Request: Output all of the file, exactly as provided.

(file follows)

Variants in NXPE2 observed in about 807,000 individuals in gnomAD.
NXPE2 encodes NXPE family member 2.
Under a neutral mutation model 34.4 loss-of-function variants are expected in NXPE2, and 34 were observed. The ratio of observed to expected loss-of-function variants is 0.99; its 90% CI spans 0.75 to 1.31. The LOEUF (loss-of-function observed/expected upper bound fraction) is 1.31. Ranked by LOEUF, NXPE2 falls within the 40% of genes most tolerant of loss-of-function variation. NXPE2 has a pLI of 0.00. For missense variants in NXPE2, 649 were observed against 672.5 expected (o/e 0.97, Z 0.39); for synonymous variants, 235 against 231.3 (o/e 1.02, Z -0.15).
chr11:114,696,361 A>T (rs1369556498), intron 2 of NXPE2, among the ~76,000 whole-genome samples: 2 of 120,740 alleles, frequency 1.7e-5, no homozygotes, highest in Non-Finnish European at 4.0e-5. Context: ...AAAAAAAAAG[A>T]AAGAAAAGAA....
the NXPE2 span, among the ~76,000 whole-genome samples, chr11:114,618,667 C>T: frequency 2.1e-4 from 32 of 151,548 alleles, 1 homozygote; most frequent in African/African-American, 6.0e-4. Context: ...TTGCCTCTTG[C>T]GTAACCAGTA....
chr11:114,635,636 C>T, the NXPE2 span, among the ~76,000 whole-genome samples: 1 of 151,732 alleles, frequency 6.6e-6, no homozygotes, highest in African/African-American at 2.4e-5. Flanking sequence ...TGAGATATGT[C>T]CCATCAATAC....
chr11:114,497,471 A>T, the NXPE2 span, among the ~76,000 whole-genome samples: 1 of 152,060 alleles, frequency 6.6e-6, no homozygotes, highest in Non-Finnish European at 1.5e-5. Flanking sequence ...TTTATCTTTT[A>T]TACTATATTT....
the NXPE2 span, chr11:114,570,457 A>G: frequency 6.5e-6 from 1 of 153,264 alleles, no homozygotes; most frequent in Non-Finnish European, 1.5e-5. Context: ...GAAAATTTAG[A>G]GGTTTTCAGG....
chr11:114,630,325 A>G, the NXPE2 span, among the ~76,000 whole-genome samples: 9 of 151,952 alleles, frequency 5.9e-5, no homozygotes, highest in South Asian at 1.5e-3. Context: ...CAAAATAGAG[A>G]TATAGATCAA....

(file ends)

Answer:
Variants in NXPE2 observed in about 807,000 individuals in gnomAD.
NXPE2 encodes NXPE family member 2.
Under a neutral mutation model 34.4 loss-of-function variants are expected in NXPE2, and 34 were observed. The ratio of observed to expected loss-of-function variants is 0.99; its 90% CI spans 0.75 to 1.31. The LOEUF (loss-of-function observed/expected upper bound fraction) is 1.31. Ranked by LOEUF, NXPE2 falls within the 40% of genes most tolerant of loss-of-function variation. NXPE2 has a pLI of 0.00. For missense variants in NXPE2, 649 were observed against 672.5 expected (o/e 0.97, Z 0.39); for synonymous variants, 235 against 231.3 (o/e 1.02, Z -0.15).
chr11:114,696,361 A>T (rs1369556498), intron 2 of NXPE2, among the ~76,000 whole-genome samples: 2 of 120,740 alleles, frequency 1.7e-5, no homozygotes, highest in Non-Finnish European at 4.0e-5. Context: ...AAAAAAAAAG[A>T]AAGAAAAGAA....
the NXPE2 span, among the ~76,000 whole-genome samples, chr11:114,618,667 C>T: frequency 2.1e-4 from 32 of 151,548 alleles, 1 homozygote; most frequent in African/African-American, 6.0e-4. Context: ...TTGCCTCTTG[C>T]GTAACCAGTA....
chr11:114,635,636 C>T, the NXPE2 span, among the ~76,000 whole-genome samples: 1 of 151,732 alleles, frequency 6.6e-6, no homozygotes, highest in African/African-American at 2.4e-5. Flanking sequence ...TGAGATATGT[C>T]CCATCAATAC....
chr11:114,497,471 A>T, the NXPE2 span, among the ~76,000 whole-genome samples: 1 of 152,060 alleles, frequency 6.6e-6, no homozygotes, highest in Non-Finnish European at 1.5e-5. Flanking sequence ...TTTATCTTTT[A>T]TACTATATTT....
the NXPE2 span, chr11:114,570,457 A>G: frequency 6.5e-6 from 1 of 153,264 alleles, no homozygotes; most frequent in Non-Finnish European, 1.5e-5. Context: ...GAAAATTTAG[A>G]GGTTTTCAGG....
chr11:114,630,325 A>G, the NXPE2 span, among the ~76,000 whole-genome samples: 9 of 151,952 alleles, frequency 5.9e-5, no homozygotes, highest in South Asian at 1.5e-3. Context: ...CAAAATAGAG[A>G]TATAGATCAA....